>Welcome back! Well, you might have not gone anywhere, but I did – at least in the sense that the academic cycle with it semester break in December and early January meant I spent most of my time getting ready for the classes I am teaching this semester at Rutgers. After teaching 10 years at the University of Iowa, I should be an old hand at this, but it is always different adjusting to a new place.
The result is not a lot of work on polling here at Eagleton since our post election survey. But we did spend a lot of time looking at the results on Gay Marriage in particular, given the debacle in the NJ Legislature over the issue. Our polling (and other polling over the past few years) makes clear that the Democrats failed a major constituency by not moving the issue forward before the election. While New Jerseyans are split pretty evenly on support for gay marriage overall, a small plurality appears to be in favor. More importantly, as we showed, for most New Jerseyans this is not a burning issue. For some on both sides, of course, it is, and we saw that in the intensity of those at the statehouse during the debate. But it seems pretty clear that despite the intensity of a relatively small group of opponents, had the bill passed, I suspect there would have been no long term political consequences for those who supported it.
With the bill’s defeat it will be interesting to see if there now are consequences, in the form of primary challenges or withdrawal of financial support against some of the Democrats who refused to support it. There are certainly deep frustrations on the part of supporters who clearly would have had the votes to pass this in the legislature before the election of Chris Christie as governor.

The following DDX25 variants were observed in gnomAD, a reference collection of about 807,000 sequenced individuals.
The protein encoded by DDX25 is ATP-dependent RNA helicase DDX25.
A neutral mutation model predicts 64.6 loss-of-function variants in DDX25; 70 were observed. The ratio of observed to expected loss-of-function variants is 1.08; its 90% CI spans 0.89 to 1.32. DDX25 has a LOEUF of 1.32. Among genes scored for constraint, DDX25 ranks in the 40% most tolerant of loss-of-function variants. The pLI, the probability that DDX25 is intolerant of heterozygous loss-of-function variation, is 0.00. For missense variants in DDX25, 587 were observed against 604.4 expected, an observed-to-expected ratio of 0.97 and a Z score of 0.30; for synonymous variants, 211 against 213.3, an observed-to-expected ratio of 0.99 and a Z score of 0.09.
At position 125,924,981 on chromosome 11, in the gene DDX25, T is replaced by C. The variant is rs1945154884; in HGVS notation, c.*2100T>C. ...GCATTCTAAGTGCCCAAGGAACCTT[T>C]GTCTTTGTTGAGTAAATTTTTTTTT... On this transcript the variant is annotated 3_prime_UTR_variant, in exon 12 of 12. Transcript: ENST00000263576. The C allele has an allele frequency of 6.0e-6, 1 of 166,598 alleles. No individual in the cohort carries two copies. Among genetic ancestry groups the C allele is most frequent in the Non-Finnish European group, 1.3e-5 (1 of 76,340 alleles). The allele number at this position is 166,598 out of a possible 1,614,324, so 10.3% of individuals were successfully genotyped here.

The funny thing is that we mostly heard two reasons for opposing the bill from those who might have voted in favor originally. One was that the election of Christie signaled that voters wanted more conservative government and that somehow this was a sign against social issues like gay marriage. There is, of course, no support whatsoever for this position. Marriage equality was never an issue in the election and I would venture to say no one really voted on that issue. Christie’s election says nothing about support for this issue. In fact, our Rutgers-Eagleton Poll showing plurality support was done AFTER the election. And our numbers were not much different from those of polls over the past couple years. The election of Christie did nothing to change attitudes on this issue.
The other thing we heard a lot was that Catholics – who represent the largest single religious denomination in the state – oppose gay marriage and therefore legislators with large Catholic populations felt they had to represent the wishes of their constituents. But the reality is that Catholic voters support marriage equality in our poll, 48% – 40%. Ironically, perhaps, it is protestant voters who oppose, 55% – 34%, driven by heavy opposition among evangelical protestants. Legislators may have been agreeing with the position of the Catholic Church hierarchy, but their Catholic constituents are a different matter.
In any case, the question seems likely to head back to the courts. When the NJ Supreme Court ruled on marriage equality and sent it to the legislature, it made clear that it expected true equality. Given the testimony of many at the Senate hearing, it may well be that the Court will ultimately do like the Iowa Supreme Court and simply rule the civil unions are not equal enough.
We are now working on another Eagleton Poll for later this semester, focusing of course on the new Christie administration and what should be done to address the challenges the state faces. More on that in the coming weeks.